What Is Small Intestinal Bacterial Overgrowth

Life is a gut reaction

Do you have uncomfortable symptoms such as bloating or abdominal pain after eating? Struggling with gas, constipation, or diarrhea? You may have a condition known as Small Intestinal Bacterial Overgrowth, or commonly known as SIBO. In this condition, the bacteria, which should normally be in your colon, inappropriately move into the small intestine where they can cause a myriad of uncomfortable digestive symptoms.

Just as a quick overview, the small intestine is where food is further digested by enzymes and acid after receiving it from the stomach. The colon, which anatomically follows the last part of the small intestine, has bacteria in it that further help digest and absorb nutrients. Now if those bacteria move into the small intestine, where they are not supposed to be, the bacteria feed on the food you are trying to digest, leading to uncomfortable symptoms such as gas, pain, and bloating. Thats no good!

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The Large Intestine: Meet Your Magical Microbiome

Although there are microbes in your small intestine, your large intestine is the seat of your microbiome. Its where your bacteria get to work on your food, producing all sorts of substances which, in an ideal world, keeps them happy and you healthy.

Today, very few of us live in an ideal world, so your large intestine is also where things can go wrong. Its where the ecosystem we mentioned earlier can go awry, resulting in a lack of microbial diversity and dysbiosis. For you, that can mean gut symptoms like bloating, diarrhoea and constipation.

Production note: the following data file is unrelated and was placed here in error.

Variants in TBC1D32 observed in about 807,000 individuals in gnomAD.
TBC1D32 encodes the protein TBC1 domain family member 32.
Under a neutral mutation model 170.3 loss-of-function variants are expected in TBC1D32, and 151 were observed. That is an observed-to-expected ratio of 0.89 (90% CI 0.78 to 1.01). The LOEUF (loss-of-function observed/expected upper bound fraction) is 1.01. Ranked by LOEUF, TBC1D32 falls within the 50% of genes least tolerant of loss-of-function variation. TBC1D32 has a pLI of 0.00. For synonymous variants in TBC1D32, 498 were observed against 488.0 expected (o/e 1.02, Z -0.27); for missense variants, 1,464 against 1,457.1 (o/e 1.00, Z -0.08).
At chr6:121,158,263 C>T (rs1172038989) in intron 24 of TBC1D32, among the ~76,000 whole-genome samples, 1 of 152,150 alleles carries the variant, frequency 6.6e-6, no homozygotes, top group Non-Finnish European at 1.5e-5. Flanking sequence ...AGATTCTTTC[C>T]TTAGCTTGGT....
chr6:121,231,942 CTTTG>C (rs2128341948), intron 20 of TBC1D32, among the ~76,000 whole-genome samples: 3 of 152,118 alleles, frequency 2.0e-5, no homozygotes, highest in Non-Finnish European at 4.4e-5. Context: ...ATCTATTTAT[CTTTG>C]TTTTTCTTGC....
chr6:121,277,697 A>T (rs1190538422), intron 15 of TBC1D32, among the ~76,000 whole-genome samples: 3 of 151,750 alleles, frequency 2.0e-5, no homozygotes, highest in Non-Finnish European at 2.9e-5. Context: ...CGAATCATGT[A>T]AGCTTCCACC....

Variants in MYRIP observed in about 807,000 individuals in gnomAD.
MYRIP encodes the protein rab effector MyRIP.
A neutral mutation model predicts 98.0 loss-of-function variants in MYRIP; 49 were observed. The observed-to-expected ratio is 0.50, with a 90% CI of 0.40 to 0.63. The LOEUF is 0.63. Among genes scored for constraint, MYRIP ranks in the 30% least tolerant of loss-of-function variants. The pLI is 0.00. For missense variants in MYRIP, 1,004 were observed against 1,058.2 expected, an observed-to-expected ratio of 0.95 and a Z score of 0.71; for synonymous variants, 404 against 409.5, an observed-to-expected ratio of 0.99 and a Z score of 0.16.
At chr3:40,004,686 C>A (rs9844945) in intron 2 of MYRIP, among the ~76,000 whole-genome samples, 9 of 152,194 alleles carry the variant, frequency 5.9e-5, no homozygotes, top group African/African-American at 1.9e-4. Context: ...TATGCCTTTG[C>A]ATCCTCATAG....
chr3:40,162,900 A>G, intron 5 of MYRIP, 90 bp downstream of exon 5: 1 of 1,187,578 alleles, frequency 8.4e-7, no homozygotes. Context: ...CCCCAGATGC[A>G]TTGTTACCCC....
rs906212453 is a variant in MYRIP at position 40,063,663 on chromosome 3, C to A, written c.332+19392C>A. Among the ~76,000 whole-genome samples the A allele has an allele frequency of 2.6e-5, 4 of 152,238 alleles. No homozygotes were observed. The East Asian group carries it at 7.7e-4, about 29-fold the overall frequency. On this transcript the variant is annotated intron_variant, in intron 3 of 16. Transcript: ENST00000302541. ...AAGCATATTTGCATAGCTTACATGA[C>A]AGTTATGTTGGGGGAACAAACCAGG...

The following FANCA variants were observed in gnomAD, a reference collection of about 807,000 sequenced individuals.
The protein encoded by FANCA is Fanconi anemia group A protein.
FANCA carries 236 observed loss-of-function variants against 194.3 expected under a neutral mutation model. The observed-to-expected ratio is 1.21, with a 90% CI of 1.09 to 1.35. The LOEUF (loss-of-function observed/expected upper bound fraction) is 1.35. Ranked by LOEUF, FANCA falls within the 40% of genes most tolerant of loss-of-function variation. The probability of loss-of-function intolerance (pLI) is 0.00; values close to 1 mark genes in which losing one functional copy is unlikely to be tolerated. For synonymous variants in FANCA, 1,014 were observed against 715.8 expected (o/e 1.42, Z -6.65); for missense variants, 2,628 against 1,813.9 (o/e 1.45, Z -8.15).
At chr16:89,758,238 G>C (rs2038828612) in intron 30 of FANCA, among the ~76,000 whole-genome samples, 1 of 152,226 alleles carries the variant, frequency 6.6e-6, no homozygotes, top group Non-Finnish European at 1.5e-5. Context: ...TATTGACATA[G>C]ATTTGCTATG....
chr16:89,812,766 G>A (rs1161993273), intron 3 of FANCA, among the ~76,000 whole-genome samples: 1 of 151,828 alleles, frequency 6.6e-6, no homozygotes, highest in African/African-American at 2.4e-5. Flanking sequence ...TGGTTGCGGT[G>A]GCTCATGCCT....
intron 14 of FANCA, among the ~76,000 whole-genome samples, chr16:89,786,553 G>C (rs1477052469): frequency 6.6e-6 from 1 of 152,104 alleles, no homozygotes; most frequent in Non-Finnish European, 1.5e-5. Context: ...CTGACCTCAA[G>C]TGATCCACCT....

Dysbiosis can also result in:

Gut Bacteria And Obesity

Besides probiotics, other gut bacteria could also protect humans from obesity. Bacteroidetes phylum, particularly Bacteroides spp., was suggested to be mainly responsible for protection against increased adiposity . More complex bacterial interactions and associated metabolic disturbance were involved in protection against increased adiposity. The study also showed that microbial protection from increased body mass was only possible when the hosts have a suitable diet. In addition, a study showed that mice were protected against high-fat diet induced obesity by modified E. coli Nissle 1917 expressing either N-acylethanolamines or their precursors . Therefore, targeting gut bacteria may provide a novel way for the treatment of obesity.

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Identify And Eliminate Your Specific Food Triggers

While there are some foods, like refined sugars, that are known to contribute to gut imbalance in most people, its possible that you have specific food sensitivities and personalized nutrition needs when it comes to optimizing your gut health.